President Trump Considering Herman Cain for Federal Reserve Board Seat

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(Bloomberg) — Herman Cain, the former pizza company executive who ran for the Republican presidential nomination in 2012, is being considered by President Donald Trump for a seat on the Federal Reserve Board.

Cain, 73, was in the White House on Wednesday, according to people familiar with the matter. Two seats on the Fed board are vacant, but nominating Cain raises the prospect of a Senate confirmation hearing focused on the sexual harassment and infidelity accusations that ended his presidential campaign.

The people declined to be identified discussing the matter because Trump hasn’t made a decision. Cain was also under consideration for other possible top government posts.

The president’s top economic adviser, Larry Kudlow, said last week that the White House wants Fed governors “who understand that you can have strong economic growth without higher inflation.”

Cain had a long corporate career and is also familiar with the Federal Reserve system. From 1992 to 1996, he served as a director of the Federal Reserve Bank of Kansas City, as well as deputy chairman and then chairman.

Last year, Trump repeatedly attacked U.S. Federal Reserve Chairman Jerome Powell for raising interest rates, and Bloomberg News reported last month that the president had even discussed firing him. One way the president can directly influence monetary policy is through nominations to the Fed board, though anyone he picks must be confirmed by the Senate.

America’s central bankers find themselves at a pivotal moment. They concluded their quarterly meeting on Wednesday with a signal that they were pausing rate hikes, and expressed more flexibility to alter their balance sheet runoff plans, which have been criticized by Trump. The policy rate was left unchanged.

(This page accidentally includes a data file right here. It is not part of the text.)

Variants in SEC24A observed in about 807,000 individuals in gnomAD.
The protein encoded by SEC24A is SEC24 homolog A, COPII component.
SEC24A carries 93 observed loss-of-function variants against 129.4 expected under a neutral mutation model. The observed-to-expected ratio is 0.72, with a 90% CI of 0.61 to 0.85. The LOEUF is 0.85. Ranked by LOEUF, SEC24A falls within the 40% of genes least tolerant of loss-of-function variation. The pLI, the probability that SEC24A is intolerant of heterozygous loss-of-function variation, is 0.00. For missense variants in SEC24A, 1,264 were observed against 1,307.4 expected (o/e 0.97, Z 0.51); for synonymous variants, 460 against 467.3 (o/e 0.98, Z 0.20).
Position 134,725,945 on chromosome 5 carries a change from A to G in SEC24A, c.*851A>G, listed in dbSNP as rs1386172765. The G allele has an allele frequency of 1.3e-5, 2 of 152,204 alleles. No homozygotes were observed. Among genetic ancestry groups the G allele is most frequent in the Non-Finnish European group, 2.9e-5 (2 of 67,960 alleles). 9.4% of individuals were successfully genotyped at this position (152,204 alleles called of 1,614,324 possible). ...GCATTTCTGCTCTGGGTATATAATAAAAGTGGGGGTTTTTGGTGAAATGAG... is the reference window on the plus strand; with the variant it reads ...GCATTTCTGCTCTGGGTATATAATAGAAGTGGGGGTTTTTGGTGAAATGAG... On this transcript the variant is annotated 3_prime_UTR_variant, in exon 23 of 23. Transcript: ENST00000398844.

At his press conference following the meeting, Powell said the American economy will grow at a “solid pace’’ this year, though he cited “cross-currents and conflicting signals’’ about the outlook as reasons for caution.

Cain, the former chief executive of Godfather’s Pizza Inc. and an ordained Baptist minister, attracted national attention when he turned a forum on health care reform into a debate with President Bill Clinton in 1994. He’s a graduate of Morehouse College and received a master’s degree from Purdue.

Cain could be considered for other top government posts, the people said. Cain declined to comment on whether Trump is considering him for a job.

Cain ran for the 2012 Republican presidential nomination but dropped out in late 2011 after allegations of sexual harassment when he led the National Restaurant Association in the 1990s. An Atlanta woman said she had had an extramarital affair with Cain for more than 13 years.

He called the allegations false but said he had “made mistakes in my life.” Although his candidacy was considered a long shot, he had led in some national polls.

He built the campaign around his personality — even trademarking the phrase “The Hermanator Experience” — and policy proposals like his “9-9-9” tax plan. That would have replaced the U.S. tax system with flat 9 percent business and income taxes and a 9 percent national sales tax.

Earlier: Fed’s Message Leaves Rate-Hike Bets Hanging, Raises Odds of Cut

Kudlow said last week that the Fed board has “a couple open seats,” suggesting Trump won’t renominate economist Marvin Goodfriend. Trump’s other previous nominee, former Fed economist Nellie Liang, removed herself from consideration earlier this month.

Goodfriend didn’t appear on a list of dozens of renominations the White House submitted to the Senate earlier this month.

Cain’s syndicated radio show on Cox Media ended last year. In addition to Godfather’s, he was a top executive at the Coca-Cola Co. and Pillsbury Co.

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